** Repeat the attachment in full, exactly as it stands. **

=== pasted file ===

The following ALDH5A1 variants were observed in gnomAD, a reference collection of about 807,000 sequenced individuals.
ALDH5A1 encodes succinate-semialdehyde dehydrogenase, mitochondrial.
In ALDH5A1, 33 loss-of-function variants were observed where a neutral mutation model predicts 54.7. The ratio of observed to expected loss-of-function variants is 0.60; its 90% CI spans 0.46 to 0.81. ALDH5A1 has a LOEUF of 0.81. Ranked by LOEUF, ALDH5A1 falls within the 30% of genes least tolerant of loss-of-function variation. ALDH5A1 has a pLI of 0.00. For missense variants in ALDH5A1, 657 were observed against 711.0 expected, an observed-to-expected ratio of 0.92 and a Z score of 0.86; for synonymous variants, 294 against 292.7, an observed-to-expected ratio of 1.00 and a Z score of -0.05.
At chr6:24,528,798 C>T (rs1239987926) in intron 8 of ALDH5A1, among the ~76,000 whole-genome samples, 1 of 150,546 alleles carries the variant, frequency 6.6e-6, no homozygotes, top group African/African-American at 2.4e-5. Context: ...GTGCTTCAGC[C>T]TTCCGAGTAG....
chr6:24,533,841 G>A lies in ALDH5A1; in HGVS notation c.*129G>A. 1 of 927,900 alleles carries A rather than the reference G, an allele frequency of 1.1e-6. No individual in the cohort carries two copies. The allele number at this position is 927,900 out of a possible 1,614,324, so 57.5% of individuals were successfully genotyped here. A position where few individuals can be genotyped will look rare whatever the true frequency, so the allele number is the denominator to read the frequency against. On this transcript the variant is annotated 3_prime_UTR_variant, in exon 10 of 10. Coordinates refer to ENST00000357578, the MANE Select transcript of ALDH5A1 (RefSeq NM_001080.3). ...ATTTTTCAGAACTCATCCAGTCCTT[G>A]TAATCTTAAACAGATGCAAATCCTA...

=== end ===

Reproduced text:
The following ALDH5A1 variants were observed in gnomAD, a reference collection of about 807,000 sequenced individuals.
ALDH5A1 encodes succinate-semialdehyde dehydrogenase, mitochondrial.
In ALDH5A1, 33 loss-of-function variants were observed where a neutral mutation model predicts 54.7. The ratio of observed to expected loss-of-function variants is 0.60; its 90% CI spans 0.46 to 0.81. ALDH5A1 has a LOEUF of 0.81. Ranked by LOEUF, ALDH5A1 falls within the 30% of genes least tolerant of loss-of-function variation. ALDH5A1 has a pLI of 0.00. For missense variants in ALDH5A1, 657 were observed against 711.0 expected, an observed-to-expected ratio of 0.92 and a Z score of 0.86; for synonymous variants, 294 against 292.7, an observed-to-expected ratio of 1.00 and a Z score of -0.05.
At chr6:24,528,798 C>T (rs1239987926) in intron 8 of ALDH5A1, among the ~76,000 whole-genome samples, 1 of 150,546 alleles carries the variant, frequency 6.6e-6, no homozygotes, top group African/African-American at 2.4e-5. Context: ...GTGCTTCAGC[C>T]TTCCGAGTAG....
chr6:24,533,841 G>A lies in ALDH5A1; in HGVS notation c.*129G>A. 1 of 927,900 alleles carries A rather than the reference G, an allele frequency of 1.1e-6. No individual in the cohort carries two copies. The allele number at this position is 927,900 out of a possible 1,614,324, so 57.5% of individuals were successfully genotyped here. A position where few individuals can be genotyped will look rare whatever the true frequency, so the allele number is the denominator to read the frequency against. On this transcript the variant is annotated 3_prime_UTR_variant, in exon 10 of 10. Coordinates refer to ENST00000357578, the MANE Select transcript of ALDH5A1 (RefSeq NM_001080.3). ...ATTTTTCAGAACTCATCCAGTCCTT[G>A]TAATCTTAAACAGATGCAAATCCTA...